One means of promoting reproducibility is to ensure transparent reporting of methodological details of study designs, data collection and analytical approaches, as well as any limitations to data interpretaion. Papers sent out for peer review by journals within Nature Research include a completed methods reporting checklist and, upon acceptance, must comply with our reporting guidelines (http://www.nature.com/neuro/journal/v16/n1/full/nn0113-1.html), which ensure that authors are clear about several aspects of experimental design and analyses. To promote transparent methods reporting for MRI studies, we have developed an MRI-specific module to complement the methods reporting checklist. The aim is to capture essential MRI details that should be reported in every MRI-based research paper, and this module has been refined using suggestions recently provided by the neuroimaging community (https://doi.org/10.1101/054262). We hope these details will provide a clearer context within which our readers and reviewers can interpret MRI findings.
Beyond clearer methods reporting, reproducible science (Munafò, M.R. et al. Nat. Hum. Behav. 1, 0021, 2017) can also be fostered by increasing data accessibility. As part of Nature Research's growing efforts to support open science, primary research papers published in Nature journals require mandatory statements about data accessibility upon formal acceptance and publication (http://www.nature.com/authors/policies/availability.html#data). We also encourage researchers to deposit their data sets in recommended data repositories (http://www.nature.com/sdata/policies/repositories) so that they can be aggregated for large-scale analyses across studies, potentially improving the statistical power and robustness of any conclusions that may arise from these analyses.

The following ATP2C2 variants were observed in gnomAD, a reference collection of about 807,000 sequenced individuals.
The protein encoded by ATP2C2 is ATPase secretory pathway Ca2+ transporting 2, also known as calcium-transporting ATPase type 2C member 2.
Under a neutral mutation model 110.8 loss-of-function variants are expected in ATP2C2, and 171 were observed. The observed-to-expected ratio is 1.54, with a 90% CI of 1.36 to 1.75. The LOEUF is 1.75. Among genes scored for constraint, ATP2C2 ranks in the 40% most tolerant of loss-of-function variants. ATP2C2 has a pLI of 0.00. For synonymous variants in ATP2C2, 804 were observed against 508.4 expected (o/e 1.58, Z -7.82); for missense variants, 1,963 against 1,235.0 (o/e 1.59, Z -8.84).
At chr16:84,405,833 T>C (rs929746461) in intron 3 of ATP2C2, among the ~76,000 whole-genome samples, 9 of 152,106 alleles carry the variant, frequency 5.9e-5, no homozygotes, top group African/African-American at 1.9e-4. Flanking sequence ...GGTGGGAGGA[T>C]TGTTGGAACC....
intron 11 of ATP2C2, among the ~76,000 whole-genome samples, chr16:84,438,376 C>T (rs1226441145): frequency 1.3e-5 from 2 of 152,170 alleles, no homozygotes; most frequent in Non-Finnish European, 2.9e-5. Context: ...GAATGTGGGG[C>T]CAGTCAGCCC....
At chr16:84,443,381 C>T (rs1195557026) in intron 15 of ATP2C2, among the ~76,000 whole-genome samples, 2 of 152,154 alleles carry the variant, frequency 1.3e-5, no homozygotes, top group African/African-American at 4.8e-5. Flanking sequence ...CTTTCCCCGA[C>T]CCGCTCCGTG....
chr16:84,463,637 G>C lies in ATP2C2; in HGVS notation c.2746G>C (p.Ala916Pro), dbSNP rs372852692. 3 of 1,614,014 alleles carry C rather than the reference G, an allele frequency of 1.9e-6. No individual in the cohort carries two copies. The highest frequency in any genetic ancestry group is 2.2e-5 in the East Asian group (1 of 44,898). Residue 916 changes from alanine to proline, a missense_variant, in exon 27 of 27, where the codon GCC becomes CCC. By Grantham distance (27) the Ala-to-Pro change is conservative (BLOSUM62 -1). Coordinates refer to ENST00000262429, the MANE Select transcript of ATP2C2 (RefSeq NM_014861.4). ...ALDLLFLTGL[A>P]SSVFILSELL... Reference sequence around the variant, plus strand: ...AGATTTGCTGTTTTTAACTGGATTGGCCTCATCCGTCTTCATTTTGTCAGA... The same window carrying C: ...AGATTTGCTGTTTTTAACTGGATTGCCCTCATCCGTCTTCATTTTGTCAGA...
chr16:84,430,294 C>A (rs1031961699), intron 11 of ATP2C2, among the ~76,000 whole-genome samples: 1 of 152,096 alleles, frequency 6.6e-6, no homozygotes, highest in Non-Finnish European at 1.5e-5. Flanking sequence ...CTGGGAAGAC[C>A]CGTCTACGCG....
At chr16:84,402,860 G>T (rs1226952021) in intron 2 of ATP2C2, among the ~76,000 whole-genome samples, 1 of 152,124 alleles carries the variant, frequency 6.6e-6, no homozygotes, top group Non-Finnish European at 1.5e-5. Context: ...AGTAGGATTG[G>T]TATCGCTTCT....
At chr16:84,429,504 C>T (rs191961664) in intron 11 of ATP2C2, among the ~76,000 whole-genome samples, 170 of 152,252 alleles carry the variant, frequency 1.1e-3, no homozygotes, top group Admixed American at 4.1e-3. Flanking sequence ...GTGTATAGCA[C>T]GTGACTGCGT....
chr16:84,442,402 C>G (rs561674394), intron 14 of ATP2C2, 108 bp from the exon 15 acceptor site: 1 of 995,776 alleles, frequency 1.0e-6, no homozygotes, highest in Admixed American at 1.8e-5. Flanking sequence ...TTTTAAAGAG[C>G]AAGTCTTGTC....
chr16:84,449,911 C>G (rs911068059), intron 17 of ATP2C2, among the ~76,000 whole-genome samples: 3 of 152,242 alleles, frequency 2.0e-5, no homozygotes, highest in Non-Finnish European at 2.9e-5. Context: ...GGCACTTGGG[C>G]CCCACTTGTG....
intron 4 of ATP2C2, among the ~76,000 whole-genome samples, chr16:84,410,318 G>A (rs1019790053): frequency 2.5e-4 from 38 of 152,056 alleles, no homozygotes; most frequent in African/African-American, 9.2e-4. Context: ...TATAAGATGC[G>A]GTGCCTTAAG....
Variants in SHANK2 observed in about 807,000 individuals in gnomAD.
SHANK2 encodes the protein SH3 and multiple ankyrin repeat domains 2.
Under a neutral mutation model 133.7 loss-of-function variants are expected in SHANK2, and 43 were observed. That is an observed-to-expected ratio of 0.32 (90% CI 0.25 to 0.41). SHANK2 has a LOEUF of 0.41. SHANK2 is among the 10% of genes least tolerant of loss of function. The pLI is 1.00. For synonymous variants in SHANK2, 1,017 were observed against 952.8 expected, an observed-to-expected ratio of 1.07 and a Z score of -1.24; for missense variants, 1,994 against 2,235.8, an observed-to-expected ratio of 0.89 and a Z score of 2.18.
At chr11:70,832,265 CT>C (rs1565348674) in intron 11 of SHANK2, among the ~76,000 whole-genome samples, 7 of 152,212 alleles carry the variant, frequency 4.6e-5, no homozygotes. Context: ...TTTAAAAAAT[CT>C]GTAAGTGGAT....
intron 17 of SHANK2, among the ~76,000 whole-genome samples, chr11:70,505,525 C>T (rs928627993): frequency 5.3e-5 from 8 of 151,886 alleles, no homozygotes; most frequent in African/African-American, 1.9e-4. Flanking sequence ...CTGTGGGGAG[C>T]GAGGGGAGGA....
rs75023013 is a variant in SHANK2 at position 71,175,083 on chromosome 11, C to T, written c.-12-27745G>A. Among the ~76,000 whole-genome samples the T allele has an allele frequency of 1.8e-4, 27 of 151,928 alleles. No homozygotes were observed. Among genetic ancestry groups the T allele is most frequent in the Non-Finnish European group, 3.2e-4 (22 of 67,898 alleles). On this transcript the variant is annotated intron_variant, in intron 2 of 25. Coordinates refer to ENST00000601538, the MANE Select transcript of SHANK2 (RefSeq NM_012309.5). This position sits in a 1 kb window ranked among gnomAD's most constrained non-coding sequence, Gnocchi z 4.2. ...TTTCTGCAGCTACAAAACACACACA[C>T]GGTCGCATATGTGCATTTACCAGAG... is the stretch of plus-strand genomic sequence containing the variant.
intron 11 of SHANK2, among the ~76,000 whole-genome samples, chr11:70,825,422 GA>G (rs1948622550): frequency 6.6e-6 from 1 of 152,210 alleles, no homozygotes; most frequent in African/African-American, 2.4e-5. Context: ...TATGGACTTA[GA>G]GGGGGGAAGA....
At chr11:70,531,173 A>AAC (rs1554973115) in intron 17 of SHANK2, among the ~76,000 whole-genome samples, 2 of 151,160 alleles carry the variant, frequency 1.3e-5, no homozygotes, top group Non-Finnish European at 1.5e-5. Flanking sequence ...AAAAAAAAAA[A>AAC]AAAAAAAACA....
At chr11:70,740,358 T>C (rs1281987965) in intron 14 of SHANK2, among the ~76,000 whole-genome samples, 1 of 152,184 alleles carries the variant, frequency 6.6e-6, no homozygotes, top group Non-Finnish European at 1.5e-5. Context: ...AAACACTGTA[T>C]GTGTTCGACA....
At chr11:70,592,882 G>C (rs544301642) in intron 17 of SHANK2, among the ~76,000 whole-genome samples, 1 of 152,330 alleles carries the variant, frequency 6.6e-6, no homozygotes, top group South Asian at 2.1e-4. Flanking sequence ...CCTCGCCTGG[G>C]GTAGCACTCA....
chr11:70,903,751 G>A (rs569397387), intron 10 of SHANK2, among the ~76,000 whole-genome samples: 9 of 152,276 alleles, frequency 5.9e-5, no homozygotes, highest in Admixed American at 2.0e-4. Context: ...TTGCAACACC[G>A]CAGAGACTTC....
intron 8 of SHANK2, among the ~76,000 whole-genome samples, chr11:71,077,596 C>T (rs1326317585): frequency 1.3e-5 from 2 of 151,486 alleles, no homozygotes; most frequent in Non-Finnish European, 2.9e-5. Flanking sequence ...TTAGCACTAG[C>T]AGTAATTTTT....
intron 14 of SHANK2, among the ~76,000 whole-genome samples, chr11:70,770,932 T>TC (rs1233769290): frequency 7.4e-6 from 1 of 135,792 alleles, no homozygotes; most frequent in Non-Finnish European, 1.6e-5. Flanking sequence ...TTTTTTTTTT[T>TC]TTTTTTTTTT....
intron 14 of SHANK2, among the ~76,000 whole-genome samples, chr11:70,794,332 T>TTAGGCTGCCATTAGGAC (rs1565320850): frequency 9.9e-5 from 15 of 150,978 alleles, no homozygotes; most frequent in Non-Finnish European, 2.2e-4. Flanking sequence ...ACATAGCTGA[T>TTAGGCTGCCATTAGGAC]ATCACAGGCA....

Nature Neuroscience and Nature Communications recognize and applaud the unique advances obtained through fMRI research in cognitive neuroscience, psychology and human behavior. As increasingly complex behavioral paradigms, analytical approaches and other noninvasive techniques are being implemented in fMRI-based research, we anticipate that this field will continue to evolve and grow. (Nature Neuroscience has assembled a Focus on Human Brain Mapping, highlighting exciting developments in fMRI and other noninvasive techniques: http://dx.doi.org/10.1038/nn.4522). As with all fields of scientific research, technological developments and critical analyses of published literature are important means with which to improve methods, provide more robust and reproducible contributions and expand scientific knowledge. We look forward to working closely with our authors and peer reviewers to encourage, develop and publish the very best (and reproducible) fMRI studies.
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Nature Communications (2018)